Is it too early to place bets on who is going to win the jury vote?
Ana Soklič was slated to represent Slovenia last year with “Voda,” a gentle, winding ballad that benefited from her powerful voice. This year, she gets her chance to go to Eurovision with a grand, powerful ballad.
Ana co-wrote this song with her “Voda” partner Bojan Simončič and Slovenian composer and arranger Žiga Pirnat, with English lyrics by Eurovision winner Charlie Mason. Bringing in Mason was a smart idea (and I don’t just say that because I think he reads this blog). He has shown a knack for writing lyrics that offer inspiration without flinching from reality. To wit:
- “You’ll get beaten and bruised/You’ll be scarred into your core/But it’s gonna make you who you are.”
- “Hey child/The fear will never go away/Might as well accept it now.”
- “Can the heart that’s broken cry?”
Not your typical syrupy aphorisms.
The arrangement makes full use of the RTV Slovenia Symphony Orchestra. It also takes advantage of the rule this year that allows for pre-recorded vocals to provide Ana a full choir to back her up. My favorite part of “Amen” is the orchestration in the bridge, which has some unexpected, jazzy melodies that help build the song to a cathartic, gospel-laden finish.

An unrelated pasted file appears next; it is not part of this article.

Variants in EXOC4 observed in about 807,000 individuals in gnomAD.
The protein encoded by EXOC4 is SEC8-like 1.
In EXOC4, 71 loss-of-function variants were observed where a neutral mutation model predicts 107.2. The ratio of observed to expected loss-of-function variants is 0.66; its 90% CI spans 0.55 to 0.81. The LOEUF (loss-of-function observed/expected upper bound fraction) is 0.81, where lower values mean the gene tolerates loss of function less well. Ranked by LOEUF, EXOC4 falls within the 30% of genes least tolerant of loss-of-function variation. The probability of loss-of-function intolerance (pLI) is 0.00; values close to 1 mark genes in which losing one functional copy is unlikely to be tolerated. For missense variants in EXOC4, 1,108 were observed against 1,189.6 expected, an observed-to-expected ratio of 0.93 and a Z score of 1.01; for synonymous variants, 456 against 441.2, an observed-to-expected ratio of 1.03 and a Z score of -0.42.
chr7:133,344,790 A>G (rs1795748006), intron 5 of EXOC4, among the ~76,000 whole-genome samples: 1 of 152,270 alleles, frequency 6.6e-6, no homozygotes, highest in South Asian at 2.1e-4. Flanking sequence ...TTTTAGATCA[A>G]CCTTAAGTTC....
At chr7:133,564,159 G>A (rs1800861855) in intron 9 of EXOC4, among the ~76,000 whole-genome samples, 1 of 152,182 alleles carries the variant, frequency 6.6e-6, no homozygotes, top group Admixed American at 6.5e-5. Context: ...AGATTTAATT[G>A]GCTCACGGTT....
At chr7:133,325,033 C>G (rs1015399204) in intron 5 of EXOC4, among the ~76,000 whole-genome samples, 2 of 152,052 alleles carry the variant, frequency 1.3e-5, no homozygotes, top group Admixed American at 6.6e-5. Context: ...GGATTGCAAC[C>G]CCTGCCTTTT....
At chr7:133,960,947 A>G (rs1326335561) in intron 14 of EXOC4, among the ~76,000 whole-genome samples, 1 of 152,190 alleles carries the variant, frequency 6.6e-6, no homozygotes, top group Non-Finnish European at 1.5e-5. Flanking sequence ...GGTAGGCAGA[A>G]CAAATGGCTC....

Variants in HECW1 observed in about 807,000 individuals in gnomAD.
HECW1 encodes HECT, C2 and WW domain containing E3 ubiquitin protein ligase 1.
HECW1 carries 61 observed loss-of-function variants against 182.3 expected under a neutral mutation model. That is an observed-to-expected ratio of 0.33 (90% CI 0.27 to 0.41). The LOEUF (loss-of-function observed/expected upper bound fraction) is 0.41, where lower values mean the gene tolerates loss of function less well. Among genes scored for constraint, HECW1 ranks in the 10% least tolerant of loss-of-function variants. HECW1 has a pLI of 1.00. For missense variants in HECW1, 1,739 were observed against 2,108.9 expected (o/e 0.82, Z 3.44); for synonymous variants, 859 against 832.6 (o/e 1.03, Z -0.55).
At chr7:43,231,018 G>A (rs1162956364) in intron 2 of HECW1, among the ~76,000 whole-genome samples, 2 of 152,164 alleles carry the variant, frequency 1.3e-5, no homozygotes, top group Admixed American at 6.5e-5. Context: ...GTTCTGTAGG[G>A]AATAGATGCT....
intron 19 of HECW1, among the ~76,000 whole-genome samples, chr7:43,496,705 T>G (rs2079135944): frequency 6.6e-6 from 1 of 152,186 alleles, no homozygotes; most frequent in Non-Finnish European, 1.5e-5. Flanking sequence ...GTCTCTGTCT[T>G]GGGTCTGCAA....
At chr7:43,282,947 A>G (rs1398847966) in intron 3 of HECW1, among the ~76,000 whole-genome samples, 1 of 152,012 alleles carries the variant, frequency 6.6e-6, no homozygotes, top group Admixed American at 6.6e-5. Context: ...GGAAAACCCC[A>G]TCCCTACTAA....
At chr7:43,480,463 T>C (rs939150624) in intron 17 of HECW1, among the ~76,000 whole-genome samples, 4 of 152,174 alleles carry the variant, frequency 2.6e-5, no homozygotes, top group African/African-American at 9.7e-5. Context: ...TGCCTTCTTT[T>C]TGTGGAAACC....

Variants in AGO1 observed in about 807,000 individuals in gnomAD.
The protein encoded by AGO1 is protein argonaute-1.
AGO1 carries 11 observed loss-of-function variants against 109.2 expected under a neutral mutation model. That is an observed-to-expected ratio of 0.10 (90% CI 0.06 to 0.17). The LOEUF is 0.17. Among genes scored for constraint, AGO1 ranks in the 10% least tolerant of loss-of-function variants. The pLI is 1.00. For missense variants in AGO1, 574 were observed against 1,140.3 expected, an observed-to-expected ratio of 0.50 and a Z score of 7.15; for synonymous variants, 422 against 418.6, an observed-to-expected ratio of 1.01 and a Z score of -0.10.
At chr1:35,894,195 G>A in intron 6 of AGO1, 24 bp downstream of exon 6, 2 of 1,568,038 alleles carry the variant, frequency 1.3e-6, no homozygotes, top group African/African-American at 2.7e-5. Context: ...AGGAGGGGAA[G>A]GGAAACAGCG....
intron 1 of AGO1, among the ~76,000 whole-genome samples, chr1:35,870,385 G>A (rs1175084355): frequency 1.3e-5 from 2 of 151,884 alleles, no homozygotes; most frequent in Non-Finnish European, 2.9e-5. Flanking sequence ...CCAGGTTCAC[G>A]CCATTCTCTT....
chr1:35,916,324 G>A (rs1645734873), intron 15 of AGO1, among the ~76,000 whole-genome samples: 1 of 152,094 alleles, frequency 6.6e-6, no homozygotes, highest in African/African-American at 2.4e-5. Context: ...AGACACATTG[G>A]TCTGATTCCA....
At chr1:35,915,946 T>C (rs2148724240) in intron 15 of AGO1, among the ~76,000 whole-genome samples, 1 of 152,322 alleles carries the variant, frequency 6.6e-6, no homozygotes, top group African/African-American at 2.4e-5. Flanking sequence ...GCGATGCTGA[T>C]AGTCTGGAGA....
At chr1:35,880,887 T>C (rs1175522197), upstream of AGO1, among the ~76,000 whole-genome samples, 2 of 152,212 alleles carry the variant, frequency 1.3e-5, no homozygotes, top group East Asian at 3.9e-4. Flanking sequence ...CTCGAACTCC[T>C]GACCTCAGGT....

At the center of it all is Ana Soklič herself, who imbues her song with grace and power. She hinted at her range on “Voda,” but “Amen” puts it on full display. She is a magnificent singer.
My big concern about “Amen” is not that Vincent Bueno named his song for Austria “Amen.” (In fact, he should be worried about Ana.) It’s that the song is musically and thematically similar to Tamara Todevska’s jury winner “Proud.” I think “Amen” is a better song, but Tamara delivered such an iconic performance at the 2019 Song Contest that I worry that Ana could suffer by comparison.
On the other hand, after all that has transpired since the last competitive Eurovision, maybe “Amen” will feel like a lovely release for a lot of the people watching at home.